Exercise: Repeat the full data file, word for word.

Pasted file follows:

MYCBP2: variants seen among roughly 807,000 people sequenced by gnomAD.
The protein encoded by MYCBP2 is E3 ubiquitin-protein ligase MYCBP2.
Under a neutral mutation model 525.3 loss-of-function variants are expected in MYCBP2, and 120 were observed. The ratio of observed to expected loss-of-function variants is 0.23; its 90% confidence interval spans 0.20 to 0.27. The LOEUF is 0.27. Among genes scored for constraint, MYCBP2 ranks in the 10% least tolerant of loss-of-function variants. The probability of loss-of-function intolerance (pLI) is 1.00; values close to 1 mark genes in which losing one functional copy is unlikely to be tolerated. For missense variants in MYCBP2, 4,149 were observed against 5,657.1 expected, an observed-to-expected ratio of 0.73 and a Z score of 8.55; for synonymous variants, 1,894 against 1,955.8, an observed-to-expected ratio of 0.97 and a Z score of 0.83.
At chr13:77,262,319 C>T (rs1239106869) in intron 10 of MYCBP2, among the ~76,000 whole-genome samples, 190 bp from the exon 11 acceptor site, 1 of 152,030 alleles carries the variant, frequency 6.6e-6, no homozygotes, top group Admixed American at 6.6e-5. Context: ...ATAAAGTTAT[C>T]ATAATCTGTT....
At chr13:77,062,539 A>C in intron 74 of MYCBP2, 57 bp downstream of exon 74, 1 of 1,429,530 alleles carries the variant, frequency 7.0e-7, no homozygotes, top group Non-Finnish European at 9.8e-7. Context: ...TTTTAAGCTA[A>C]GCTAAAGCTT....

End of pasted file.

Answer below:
MYCBP2: variants seen among roughly 807,000 people sequenced by gnomAD.
The protein encoded by MYCBP2 is E3 ubiquitin-protein ligase MYCBP2.
Under a neutral mutation model 525.3 loss-of-function variants are expected in MYCBP2, and 120 were observed. The ratio of observed to expected loss-of-function variants is 0.23; its 90% confidence interval spans 0.20 to 0.27. The LOEUF is 0.27. Among genes scored for constraint, MYCBP2 ranks in the 10% least tolerant of loss-of-function variants. The probability of loss-of-function intolerance (pLI) is 1.00; values close to 1 mark genes in which losing one functional copy is unlikely to be tolerated. For missense variants in MYCBP2, 4,149 were observed against 5,657.1 expected, an observed-to-expected ratio of 0.73 and a Z score of 8.55; for synonymous variants, 1,894 against 1,955.8, an observed-to-expected ratio of 0.97 and a Z score of 0.83.
At chr13:77,262,319 C>T (rs1239106869) in intron 10 of MYCBP2, among the ~76,000 whole-genome samples, 190 bp from the exon 11 acceptor site, 1 of 152,030 alleles carries the variant, frequency 6.6e-6, no homozygotes, top group Admixed American at 6.6e-5. Context: ...ATAAAGTTAT[C>T]ATAATCTGTT....
At chr13:77,062,539 A>C in intron 74 of MYCBP2, 57 bp downstream of exon 74, 1 of 1,429,530 alleles carries the variant, frequency 7.0e-7, no homozygotes, top group Non-Finnish European at 9.8e-7. Context: ...TTTTAAGCTA[A>C]GCTAAAGCTT....